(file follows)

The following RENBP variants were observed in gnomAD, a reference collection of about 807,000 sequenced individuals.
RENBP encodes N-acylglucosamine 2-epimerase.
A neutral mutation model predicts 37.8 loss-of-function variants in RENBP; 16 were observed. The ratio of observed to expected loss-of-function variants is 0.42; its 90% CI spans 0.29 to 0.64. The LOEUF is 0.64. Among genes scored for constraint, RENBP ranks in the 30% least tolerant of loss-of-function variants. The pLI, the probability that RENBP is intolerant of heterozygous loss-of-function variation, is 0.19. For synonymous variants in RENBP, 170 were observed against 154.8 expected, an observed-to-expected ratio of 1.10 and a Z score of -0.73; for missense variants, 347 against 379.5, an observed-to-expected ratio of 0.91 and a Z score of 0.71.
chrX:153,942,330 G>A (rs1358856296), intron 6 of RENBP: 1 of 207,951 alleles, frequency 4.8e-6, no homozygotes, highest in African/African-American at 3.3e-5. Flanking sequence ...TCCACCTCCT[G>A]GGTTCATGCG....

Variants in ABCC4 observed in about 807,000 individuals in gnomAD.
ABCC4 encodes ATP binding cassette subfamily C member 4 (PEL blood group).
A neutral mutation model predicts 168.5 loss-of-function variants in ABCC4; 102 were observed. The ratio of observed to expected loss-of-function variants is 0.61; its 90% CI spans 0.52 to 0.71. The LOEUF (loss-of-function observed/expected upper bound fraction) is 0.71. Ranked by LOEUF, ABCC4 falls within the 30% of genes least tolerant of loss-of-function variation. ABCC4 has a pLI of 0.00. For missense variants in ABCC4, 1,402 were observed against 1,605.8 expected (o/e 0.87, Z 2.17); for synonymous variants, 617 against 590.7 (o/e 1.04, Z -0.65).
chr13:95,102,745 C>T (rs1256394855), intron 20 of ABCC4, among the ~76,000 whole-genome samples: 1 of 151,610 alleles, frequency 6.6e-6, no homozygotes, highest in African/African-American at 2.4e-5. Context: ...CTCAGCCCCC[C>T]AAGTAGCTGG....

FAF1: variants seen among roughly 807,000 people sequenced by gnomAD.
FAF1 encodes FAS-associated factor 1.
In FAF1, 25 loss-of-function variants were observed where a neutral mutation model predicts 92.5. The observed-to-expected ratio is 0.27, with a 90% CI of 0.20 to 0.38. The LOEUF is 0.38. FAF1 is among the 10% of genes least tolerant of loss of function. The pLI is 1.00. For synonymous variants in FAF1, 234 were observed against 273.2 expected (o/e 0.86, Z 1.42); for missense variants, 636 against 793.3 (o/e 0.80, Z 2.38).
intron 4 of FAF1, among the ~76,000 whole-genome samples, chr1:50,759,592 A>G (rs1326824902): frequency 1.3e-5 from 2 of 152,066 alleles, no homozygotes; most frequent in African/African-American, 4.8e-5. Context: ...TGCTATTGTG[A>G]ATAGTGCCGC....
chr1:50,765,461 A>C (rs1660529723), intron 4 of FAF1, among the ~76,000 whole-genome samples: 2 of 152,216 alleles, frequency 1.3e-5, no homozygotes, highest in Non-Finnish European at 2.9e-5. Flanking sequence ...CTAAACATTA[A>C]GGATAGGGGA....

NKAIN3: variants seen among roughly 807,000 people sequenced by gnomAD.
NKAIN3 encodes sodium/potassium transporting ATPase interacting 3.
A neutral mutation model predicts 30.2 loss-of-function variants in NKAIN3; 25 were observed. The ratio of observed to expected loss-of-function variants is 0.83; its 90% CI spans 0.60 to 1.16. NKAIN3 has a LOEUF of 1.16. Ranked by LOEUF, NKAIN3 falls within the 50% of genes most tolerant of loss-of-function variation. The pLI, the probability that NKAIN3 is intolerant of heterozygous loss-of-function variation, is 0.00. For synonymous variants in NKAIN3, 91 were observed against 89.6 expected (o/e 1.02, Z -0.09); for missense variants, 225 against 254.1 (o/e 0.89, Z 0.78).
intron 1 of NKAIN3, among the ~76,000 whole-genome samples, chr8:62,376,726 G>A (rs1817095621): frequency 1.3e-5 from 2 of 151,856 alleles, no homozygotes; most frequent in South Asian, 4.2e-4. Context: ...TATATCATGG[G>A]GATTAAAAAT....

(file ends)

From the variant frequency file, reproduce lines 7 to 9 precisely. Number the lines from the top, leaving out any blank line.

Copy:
A neutral mutation model predicts 168.5 loss-of-function variants in ABCC4; 102 were observed. The ratio of observed to expected loss-of-function variants is 0.61; its 90% CI spans 0.52 to 0.71. The LOEUF (loss-of-function observed/expected upper bound fraction) is 0.71. Ranked by LOEUF, ABCC4 falls within the 30% of genes least tolerant of loss-of-function variation. ABCC4 has a pLI of 0.00. For missense variants in ABCC4, 1,402 were observed against 1,605.8 expected (o/e 0.87, Z 2.17); for synonymous variants, 617 against 590.7 (o/e 1.04, Z -0.65).
chr13:95,102,745 C>T (rs1256394855), intron 20 of ABCC4, among the ~76,000 whole-genome samples: 1 of 151,610 alleles, frequency 6.6e-6, no homozygotes, highest in African/African-American at 2.4e-5. Context: ...CTCAGCCCCC[C>T]AAGTAGCTGG....

FAF1: variants seen among roughly 807,000 people sequenced by gnomAD.